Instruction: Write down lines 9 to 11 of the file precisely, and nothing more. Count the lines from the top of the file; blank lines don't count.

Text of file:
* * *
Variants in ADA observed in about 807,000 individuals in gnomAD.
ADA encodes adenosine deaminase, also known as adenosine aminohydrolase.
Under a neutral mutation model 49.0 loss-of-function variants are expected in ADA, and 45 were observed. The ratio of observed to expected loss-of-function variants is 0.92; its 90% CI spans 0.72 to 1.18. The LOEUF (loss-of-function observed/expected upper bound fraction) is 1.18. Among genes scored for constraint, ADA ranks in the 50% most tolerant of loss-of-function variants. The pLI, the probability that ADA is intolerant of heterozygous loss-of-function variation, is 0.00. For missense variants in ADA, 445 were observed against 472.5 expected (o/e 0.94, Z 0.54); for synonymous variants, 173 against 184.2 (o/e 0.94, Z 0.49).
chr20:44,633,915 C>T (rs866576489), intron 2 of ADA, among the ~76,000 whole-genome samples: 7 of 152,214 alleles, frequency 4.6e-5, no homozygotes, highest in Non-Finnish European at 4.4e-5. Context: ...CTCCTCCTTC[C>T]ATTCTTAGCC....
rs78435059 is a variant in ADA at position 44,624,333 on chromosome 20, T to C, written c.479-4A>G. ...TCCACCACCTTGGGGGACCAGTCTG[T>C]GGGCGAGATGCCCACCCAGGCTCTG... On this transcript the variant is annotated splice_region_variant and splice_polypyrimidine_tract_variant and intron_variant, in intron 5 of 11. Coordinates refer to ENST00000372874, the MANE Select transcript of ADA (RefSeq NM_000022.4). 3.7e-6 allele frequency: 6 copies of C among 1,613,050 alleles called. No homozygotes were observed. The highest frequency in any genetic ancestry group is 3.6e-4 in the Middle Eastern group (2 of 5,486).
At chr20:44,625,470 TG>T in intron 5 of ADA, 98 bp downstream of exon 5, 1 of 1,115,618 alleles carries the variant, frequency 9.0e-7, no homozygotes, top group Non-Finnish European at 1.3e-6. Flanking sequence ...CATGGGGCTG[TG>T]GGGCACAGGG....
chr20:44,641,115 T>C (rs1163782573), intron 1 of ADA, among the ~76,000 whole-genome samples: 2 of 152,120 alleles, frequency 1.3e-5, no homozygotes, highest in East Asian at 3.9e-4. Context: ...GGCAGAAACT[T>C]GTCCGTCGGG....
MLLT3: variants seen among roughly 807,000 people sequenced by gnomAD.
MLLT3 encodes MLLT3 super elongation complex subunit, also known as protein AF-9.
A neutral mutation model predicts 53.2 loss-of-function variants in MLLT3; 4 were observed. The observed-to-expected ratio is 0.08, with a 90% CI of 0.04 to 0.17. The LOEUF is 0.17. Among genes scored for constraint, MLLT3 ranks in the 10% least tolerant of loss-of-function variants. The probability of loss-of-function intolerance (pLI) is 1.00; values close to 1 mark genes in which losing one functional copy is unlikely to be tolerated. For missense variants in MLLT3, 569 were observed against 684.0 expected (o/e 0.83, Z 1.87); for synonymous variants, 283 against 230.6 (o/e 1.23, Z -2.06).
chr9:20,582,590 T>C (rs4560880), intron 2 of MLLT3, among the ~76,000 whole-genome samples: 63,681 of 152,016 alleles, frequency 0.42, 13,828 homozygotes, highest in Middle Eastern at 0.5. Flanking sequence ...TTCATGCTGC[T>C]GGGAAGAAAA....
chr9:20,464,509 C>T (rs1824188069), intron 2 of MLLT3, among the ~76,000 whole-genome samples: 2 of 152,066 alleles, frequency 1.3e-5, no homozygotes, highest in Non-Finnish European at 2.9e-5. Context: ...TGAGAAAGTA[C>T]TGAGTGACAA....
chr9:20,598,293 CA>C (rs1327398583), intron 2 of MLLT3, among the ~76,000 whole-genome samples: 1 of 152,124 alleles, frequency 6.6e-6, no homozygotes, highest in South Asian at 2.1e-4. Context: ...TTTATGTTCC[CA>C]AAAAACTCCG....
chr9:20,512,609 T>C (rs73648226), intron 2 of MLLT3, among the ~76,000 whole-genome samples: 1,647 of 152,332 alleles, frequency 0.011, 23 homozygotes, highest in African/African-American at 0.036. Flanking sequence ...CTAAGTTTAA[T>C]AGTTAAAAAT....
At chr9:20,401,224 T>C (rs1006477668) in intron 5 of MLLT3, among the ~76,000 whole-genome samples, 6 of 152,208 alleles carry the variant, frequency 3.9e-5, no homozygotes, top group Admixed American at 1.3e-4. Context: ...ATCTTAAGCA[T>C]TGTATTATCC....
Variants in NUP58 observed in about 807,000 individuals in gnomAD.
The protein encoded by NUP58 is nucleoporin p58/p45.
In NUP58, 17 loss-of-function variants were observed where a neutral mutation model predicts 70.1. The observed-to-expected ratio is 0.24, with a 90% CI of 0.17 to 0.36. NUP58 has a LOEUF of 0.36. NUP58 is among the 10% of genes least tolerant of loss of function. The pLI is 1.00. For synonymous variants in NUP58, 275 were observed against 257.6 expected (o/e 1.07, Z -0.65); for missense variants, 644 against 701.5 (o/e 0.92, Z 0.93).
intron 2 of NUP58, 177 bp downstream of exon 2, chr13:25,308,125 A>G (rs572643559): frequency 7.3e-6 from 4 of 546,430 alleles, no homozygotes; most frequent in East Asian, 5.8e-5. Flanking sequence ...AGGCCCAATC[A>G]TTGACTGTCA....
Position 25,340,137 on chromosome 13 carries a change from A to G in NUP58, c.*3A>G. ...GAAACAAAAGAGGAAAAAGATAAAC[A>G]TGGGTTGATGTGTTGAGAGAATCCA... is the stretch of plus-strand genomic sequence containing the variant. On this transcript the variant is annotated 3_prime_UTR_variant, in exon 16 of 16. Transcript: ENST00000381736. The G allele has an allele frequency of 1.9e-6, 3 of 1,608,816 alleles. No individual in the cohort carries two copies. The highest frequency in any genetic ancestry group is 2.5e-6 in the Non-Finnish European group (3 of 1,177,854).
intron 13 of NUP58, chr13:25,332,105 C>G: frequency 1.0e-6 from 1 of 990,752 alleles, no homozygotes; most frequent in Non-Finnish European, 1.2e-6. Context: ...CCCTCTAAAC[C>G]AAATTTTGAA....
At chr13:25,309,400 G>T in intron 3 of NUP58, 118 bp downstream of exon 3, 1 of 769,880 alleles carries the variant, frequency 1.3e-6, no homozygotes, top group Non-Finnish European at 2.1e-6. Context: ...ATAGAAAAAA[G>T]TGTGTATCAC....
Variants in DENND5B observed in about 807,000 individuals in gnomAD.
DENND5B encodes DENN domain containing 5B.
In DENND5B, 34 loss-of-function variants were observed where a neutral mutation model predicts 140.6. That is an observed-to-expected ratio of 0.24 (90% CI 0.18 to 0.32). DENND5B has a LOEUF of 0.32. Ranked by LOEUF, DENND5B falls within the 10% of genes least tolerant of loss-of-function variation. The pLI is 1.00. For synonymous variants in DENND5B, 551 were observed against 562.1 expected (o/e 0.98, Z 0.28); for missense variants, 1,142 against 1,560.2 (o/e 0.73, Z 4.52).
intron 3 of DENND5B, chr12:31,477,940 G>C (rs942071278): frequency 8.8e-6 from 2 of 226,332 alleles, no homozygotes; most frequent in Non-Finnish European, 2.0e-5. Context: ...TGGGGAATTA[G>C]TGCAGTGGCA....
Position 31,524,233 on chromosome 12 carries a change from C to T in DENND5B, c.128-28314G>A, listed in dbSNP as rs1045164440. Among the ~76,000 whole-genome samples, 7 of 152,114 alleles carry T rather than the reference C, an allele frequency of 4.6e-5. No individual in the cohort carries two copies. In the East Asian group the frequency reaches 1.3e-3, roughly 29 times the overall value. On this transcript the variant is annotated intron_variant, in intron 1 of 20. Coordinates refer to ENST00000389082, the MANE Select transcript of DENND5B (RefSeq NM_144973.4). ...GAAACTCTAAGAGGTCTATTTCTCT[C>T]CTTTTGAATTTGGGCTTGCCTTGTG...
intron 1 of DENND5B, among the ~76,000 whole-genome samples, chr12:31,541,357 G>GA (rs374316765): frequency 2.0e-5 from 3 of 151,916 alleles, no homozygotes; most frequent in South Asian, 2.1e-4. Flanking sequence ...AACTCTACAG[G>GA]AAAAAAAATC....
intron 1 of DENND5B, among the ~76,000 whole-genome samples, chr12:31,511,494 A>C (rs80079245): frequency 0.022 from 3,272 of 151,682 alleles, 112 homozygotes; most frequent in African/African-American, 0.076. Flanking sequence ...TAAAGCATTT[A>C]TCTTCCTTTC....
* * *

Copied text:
MLLT3 encodes MLLT3 super elongation complex subunit, also known as protein AF-9.
A neutral mutation model predicts 53.2 loss-of-function variants in MLLT3; 4 were observed. The observed-to-expected ratio is 0.08, with a 90% CI of 0.04 to 0.17. The LOEUF is 0.17. Among genes scored for constraint, MLLT3 ranks in the 10% least tolerant of loss-of-function variants. The probability of loss-of-function intolerance (pLI) is 1.00; values close to 1 mark genes in which losing one functional copy is unlikely to be tolerated. For missense variants in MLLT3, 569 were observed against 684.0 expected (o/e 0.83, Z 1.87); for synonymous variants, 283 against 230.6 (o/e 1.23, Z -2.06).
chr9:20,582,590 T>C (rs4560880), intron 2 of MLLT3, among the ~76,000 whole-genome samples: 63,681 of 152,016 alleles, frequency 0.42, 13,828 homozygotes, highest in Middle Eastern at 0.5. Flanking sequence ...TTCATGCTGC[T>C]GGGAAGAAAA....